The Prevention of Schizophrenia

Alan S. Brown; John J. McGrath


Schizophr Bull. 2011;37(2):257-261. 

In This Article

Abstract and Introduction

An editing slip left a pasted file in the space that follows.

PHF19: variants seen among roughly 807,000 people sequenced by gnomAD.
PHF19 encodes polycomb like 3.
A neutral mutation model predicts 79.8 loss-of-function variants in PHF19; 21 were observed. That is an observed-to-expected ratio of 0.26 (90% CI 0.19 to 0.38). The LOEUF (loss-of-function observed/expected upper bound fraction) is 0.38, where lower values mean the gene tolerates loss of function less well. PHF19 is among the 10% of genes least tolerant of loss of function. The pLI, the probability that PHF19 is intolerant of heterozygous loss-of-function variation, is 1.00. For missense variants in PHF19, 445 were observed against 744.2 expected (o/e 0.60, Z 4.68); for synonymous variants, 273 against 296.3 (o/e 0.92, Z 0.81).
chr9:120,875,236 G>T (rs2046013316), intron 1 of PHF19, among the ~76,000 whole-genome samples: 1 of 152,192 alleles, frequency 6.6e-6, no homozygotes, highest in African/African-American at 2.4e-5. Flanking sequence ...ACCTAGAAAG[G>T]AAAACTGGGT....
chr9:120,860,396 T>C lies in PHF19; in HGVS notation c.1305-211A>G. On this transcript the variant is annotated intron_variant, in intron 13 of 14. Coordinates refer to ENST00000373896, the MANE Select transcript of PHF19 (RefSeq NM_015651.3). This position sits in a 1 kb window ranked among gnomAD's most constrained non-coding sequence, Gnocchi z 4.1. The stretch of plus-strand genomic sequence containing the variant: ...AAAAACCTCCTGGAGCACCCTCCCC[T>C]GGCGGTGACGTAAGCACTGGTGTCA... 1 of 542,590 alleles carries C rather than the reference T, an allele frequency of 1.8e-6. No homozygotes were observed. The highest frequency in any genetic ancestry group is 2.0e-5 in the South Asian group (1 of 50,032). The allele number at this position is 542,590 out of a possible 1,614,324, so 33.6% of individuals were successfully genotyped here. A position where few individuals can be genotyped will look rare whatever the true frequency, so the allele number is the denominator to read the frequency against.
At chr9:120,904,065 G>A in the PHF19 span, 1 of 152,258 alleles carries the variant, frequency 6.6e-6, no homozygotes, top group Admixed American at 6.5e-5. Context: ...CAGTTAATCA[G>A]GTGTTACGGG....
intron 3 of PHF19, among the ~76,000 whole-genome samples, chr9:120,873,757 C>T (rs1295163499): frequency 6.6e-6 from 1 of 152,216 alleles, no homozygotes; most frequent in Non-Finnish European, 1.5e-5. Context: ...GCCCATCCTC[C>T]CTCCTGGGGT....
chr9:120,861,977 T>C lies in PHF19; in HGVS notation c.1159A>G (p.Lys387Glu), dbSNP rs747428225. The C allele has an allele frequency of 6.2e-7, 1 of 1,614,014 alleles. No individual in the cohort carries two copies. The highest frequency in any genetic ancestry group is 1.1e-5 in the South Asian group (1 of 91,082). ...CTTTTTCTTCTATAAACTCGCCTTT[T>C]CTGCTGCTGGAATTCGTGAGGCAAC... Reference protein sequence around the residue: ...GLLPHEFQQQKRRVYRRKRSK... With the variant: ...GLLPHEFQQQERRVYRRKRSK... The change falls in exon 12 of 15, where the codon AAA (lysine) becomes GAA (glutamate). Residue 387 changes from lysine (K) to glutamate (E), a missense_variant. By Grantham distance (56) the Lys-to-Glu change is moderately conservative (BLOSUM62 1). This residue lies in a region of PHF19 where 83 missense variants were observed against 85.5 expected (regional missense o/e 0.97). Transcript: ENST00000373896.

A series of articles that speculate on the primary prevention of schizophrenia might seem overly optimistic, if not implausible. However, we do not share this degree of nihilism. Much has been learned about risk factors for schizophrenia over the last 3 decades. The incidence of schizophrenia varies between sites and over time.[1] Some ethnic groups are at increased risk of schizophrenia when they migrate to particular counties but not in their country of origin.[2,3] Almost certainly, these gradients are driven by environmentally mediated risk factors. It seems reasonable to expect that at least some of these exposures will be potentially modifiable. Epidemiologic research has revealed a range of candidate exposures related to infection and nutrition, which are reviewed in this volume (see Brown and Patterson,[4] McGrath et al[5]), as well as a host of other putative risk factors such as psychosocial stress,[6,7] cannabis use,[8–10] and advanced paternal age,[11,12] and other exposures which, in our view, are worthy of careful scrutiny. The stage is now set for the "implausible"—the primary prevention of schizophrenia.